We parked on Michigan Avenue like we always would, walking hand-in-hand through Corktown, the oldest neighborhood in Detroit. We bought peanuts in brown paper bags from vendors on the street. They were more expensive inside the ballpark but I didn’t know that then. “I think these ones taste better,” my dad always said.
It was May 1st, 1988. I was in kindergarten, the Detroit Tigers won 98 games the season before, earned an AL East crown, just four years removed from their most-recent World Series victory.
Our seats were down the left field foul line, where my dad had season tickets that he shared with a group of men and their sons. The vendors shouted back and forth across the massive stadium, from left field to right, a call and response hawking “ice cold Cokes!” for no good reason other than it was almost summer and going to be hot soon and there are eighty-two home games a year and time must be passed somehow.
Tiger Stadium was even then a crumbling masterpiece, all rusted steel and busted concrete, obstructed views from the blue beams that anchored the outfield stands, seats that rose straight up, so you felt close to the action, no matter where you sat.
My dad told me years later that I screamed the whole game, yelling myself hoarse behind this older woman who didn’t seem to mind one bit. Matt Nokes, the Tigers promising young catcher, hit two home runs against the Mariners in a come-from-behind victory but I wasn’t awake for either of them. I guess I cheered so unrelentingly that I knocked myself to sleep. My dad carried me to the car after the game, like he would all those nights of my childhood, when we were out late visiting relatives and we’d pull into my parents’ house in the suburbs, the sound of the garage door jarring me awake in the back seat. “Okay, pal,” my dad would say in his home-grown Michigan accent, “we’re home.”
Other games would leave a mark: missing both of the Cleveland Indians’ DH Jim Thome’s monster home runs because I was searching for all-star ballots; Cecil Fielder’s big blasts that season he hit 51, my aunt Judy visiting from Phoenix, jumping up and down like a little kid because “I just want to see him hit one”; when Ryan Higgins’ step-father made us leave early but then we got boxed in on all sides in the parking lot and had to listen to Mickey Tettleton’s walk-off, extra-inning shot on the radio while sitting directly outside the stadium.
That first game was before I became the kind of person who remembered all of this, before I collected stacks of baseball cards, before I grew to admire and abhor other franchises, before I realized I loved a game of failure that was destined to break my heart, before I catalogued seasons and players and stats in my brain, filing them away for later, when I will meet others like me, baseball obsessives who romanticize the game beyond all reason, sons and daughters, nieces and nephew, who tell stories of their own games, with fathers and mothers and uncles and aunts and friends, which we collect so we can share, like so many other myths of American life.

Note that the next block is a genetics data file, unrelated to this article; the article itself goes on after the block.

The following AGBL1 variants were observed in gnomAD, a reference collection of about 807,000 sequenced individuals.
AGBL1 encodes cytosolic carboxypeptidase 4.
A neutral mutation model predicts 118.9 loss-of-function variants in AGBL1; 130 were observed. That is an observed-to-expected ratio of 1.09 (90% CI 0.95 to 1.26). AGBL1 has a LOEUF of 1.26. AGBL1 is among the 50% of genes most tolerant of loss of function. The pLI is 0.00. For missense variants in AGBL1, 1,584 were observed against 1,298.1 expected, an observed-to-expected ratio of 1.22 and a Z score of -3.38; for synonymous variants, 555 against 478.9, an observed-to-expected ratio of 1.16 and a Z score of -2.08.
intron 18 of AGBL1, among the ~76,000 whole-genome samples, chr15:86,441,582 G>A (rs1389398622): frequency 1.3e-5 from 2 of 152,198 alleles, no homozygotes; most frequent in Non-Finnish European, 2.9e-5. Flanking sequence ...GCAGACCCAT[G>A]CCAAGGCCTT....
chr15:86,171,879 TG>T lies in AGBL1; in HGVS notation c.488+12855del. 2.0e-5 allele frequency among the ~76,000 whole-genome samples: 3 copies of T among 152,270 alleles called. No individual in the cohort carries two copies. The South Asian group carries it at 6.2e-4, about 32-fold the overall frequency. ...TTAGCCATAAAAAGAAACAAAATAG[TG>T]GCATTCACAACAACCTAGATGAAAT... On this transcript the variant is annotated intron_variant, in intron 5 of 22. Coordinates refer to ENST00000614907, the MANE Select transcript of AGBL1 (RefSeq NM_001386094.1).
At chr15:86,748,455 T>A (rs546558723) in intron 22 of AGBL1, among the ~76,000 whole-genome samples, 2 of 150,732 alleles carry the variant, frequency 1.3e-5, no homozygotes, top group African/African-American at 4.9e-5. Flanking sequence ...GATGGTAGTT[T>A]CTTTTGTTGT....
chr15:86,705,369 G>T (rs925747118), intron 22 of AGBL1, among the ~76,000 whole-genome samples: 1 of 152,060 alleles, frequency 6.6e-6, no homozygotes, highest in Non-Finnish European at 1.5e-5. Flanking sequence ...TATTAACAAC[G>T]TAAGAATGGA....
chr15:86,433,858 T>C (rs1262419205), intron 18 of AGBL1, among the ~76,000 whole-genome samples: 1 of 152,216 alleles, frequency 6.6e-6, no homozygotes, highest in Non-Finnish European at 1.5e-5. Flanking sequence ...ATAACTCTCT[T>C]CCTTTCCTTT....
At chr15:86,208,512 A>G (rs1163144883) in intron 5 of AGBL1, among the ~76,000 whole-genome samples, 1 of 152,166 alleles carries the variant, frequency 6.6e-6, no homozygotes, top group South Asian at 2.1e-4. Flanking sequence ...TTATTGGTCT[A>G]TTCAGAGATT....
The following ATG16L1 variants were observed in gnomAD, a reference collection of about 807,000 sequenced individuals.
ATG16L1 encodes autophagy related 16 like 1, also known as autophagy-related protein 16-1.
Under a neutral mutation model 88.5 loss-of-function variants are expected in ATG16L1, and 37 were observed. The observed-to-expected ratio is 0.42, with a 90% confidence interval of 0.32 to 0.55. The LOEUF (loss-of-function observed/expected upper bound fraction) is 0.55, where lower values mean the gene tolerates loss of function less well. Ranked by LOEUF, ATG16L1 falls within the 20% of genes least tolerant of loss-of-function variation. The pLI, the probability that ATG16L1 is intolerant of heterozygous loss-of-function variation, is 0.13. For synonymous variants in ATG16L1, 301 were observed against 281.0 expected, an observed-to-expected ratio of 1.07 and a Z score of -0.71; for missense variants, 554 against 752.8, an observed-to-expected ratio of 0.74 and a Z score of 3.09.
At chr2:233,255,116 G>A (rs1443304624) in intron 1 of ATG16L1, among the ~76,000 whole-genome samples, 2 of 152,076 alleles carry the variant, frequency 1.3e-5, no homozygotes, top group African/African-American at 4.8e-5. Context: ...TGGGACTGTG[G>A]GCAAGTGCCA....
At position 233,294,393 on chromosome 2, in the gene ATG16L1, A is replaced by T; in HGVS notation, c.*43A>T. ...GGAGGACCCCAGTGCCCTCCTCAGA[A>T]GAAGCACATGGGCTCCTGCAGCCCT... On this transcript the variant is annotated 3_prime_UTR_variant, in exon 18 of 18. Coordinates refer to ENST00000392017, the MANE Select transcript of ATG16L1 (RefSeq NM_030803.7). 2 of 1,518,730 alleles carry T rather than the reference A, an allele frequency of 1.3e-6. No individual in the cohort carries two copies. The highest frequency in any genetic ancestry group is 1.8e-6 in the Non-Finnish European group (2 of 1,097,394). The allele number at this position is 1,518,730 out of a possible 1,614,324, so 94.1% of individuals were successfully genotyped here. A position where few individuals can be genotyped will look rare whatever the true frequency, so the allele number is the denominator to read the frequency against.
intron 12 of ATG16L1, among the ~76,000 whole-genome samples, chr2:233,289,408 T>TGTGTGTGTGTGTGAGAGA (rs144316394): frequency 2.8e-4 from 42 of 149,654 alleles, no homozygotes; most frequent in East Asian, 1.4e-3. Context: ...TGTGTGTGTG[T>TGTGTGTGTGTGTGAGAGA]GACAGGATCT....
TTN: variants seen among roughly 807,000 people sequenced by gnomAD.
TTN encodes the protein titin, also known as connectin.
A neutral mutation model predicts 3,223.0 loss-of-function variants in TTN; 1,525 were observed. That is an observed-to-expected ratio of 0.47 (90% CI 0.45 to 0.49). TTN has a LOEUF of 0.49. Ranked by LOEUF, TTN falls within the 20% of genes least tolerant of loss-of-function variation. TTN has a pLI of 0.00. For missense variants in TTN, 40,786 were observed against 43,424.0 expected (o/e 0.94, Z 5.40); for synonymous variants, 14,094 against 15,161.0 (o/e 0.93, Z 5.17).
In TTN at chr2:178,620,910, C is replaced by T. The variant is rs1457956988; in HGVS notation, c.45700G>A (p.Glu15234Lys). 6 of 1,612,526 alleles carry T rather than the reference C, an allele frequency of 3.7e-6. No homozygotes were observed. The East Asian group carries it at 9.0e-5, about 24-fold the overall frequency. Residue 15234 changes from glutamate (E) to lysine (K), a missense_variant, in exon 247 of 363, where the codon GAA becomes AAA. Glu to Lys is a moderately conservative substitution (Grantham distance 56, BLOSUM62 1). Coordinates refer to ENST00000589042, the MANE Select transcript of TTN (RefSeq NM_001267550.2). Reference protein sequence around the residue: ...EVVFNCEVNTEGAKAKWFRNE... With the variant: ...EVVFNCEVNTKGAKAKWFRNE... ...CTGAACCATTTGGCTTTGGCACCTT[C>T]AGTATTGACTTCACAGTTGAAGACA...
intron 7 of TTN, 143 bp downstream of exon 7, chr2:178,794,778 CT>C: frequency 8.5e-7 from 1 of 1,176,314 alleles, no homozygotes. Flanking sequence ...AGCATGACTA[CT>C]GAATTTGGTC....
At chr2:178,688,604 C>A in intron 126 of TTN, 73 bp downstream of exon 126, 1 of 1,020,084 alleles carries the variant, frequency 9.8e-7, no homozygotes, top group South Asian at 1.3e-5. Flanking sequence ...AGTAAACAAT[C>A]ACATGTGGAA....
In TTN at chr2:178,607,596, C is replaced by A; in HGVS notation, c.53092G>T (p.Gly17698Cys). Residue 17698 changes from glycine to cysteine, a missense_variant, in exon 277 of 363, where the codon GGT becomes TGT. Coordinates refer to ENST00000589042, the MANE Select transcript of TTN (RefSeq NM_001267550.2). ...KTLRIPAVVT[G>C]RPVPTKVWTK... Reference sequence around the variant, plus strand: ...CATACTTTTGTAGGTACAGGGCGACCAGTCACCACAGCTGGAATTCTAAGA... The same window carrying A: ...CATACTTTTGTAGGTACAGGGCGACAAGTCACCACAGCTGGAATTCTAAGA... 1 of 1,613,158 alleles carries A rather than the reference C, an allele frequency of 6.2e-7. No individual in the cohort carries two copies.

It will be a decade, maybe longer, before I realize that continuing to love this game means accepting the sport’s tangled history of racism and classism, accepting the wrestling match of corporate greed versus individual greed, accepting an ungodly long regular season followed by a getting-longer-every-year post-season, where the games bookending the year are played by men dressed in winter clothing and paid too much money.
Of course I don’t remember the exact day and opponent and box score of that first game. I was six years old, how could I? But I knew Matt Nokes hit two home runs and my dad insisted the game was in early May. A quick search on Baseball Reference finds that Nokes only once hit two homers as a Tiger in early May and that was on May 1st, 1988, a 3-2 victory against the Seattle Mariners. I like being able to pinpoint this. If everything else is memory--where we parked, the peanuts, that it was just the two of us, the crumbling of that masterful stadium--the game is fixed, recorded and set down for all time, exactly .012% of the games the Tigers played at home that season, the season itself just .011% of all years played at Tiger Stadium. A blip. Another day at the ballpark. But if the box score didn’t exist, it would be like it never happened and we need validation. See, we get to say, we were there. We remember.
These days Tiger Stadium is just a field on the corner of Michigan and Trumbull. It was demolished and sold for scraps almost five years ago. Despite the steel gates that continue to fortress the area, it’s difficult to recall this ground as the hallowed place where the Tigers won four World Series, the last thirty years ago, off a Kirk Gibson bomb in the clinching game; where Cecil knocked his 49th (but not his 50th) that fabled season; where my beloved team finished the second millennium as the worst franchise in baseball. It looks so small now, that patch of land, as if I could get a group of boys together and shag fly balls in the fading afternoon sun. As if I can still hit a baseball. Or know any boys anymore.